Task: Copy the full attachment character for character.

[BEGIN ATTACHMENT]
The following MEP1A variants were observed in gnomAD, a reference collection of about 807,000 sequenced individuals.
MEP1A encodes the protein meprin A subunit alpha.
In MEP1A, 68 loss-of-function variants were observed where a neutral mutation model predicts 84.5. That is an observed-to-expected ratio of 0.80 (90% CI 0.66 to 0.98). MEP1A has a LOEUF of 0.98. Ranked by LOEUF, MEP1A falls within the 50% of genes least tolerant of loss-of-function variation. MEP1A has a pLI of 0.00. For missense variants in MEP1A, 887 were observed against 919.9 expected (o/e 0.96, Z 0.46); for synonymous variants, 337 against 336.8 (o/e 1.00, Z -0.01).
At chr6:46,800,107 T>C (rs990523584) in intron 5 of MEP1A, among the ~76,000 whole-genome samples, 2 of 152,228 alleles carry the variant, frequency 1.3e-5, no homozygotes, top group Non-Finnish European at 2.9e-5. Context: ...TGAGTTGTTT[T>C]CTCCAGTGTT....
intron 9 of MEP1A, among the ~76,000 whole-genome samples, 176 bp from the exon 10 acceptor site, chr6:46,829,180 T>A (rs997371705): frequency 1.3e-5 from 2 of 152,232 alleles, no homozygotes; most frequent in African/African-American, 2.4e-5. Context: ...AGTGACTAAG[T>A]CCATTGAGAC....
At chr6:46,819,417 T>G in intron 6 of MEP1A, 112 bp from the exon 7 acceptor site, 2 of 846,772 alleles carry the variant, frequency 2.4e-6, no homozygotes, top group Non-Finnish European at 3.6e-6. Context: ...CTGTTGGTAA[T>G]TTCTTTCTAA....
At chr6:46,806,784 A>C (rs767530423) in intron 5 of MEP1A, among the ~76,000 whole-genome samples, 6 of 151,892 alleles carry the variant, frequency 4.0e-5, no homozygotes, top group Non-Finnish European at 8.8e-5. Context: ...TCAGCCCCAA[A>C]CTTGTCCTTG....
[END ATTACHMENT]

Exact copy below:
The following MEP1A variants were observed in gnomAD, a reference collection of about 807,000 sequenced individuals.
MEP1A encodes the protein meprin A subunit alpha.
In MEP1A, 68 loss-of-function variants were observed where a neutral mutation model predicts 84.5. That is an observed-to-expected ratio of 0.80 (90% CI 0.66 to 0.98). MEP1A has a LOEUF of 0.98. Ranked by LOEUF, MEP1A falls within the 50% of genes least tolerant of loss-of-function variation. MEP1A has a pLI of 0.00. For missense variants in MEP1A, 887 were observed against 919.9 expected (o/e 0.96, Z 0.46); for synonymous variants, 337 against 336.8 (o/e 1.00, Z -0.01).
At chr6:46,800,107 T>C (rs990523584) in intron 5 of MEP1A, among the ~76,000 whole-genome samples, 2 of 152,228 alleles carry the variant, frequency 1.3e-5, no homozygotes, top group Non-Finnish European at 2.9e-5. Context: ...TGAGTTGTTT[T>C]CTCCAGTGTT....
intron 9 of MEP1A, among the ~76,000 whole-genome samples, 176 bp from the exon 10 acceptor site, chr6:46,829,180 T>A (rs997371705): frequency 1.3e-5 from 2 of 152,232 alleles, no homozygotes; most frequent in African/African-American, 2.4e-5. Context: ...AGTGACTAAG[T>A]CCATTGAGAC....
At chr6:46,819,417 T>G in intron 6 of MEP1A, 112 bp from the exon 7 acceptor site, 2 of 846,772 alleles carry the variant, frequency 2.4e-6, no homozygotes, top group Non-Finnish European at 3.6e-6. Context: ...CTGTTGGTAA[T>G]TTCTTTCTAA....
At chr6:46,806,784 A>C (rs767530423) in intron 5 of MEP1A, among the ~76,000 whole-genome samples, 6 of 151,892 alleles carry the variant, frequency 4.0e-5, no homozygotes, top group Non-Finnish European at 8.8e-5. Context: ...TCAGCCCCAA[A>C]CTTGTCCTTG....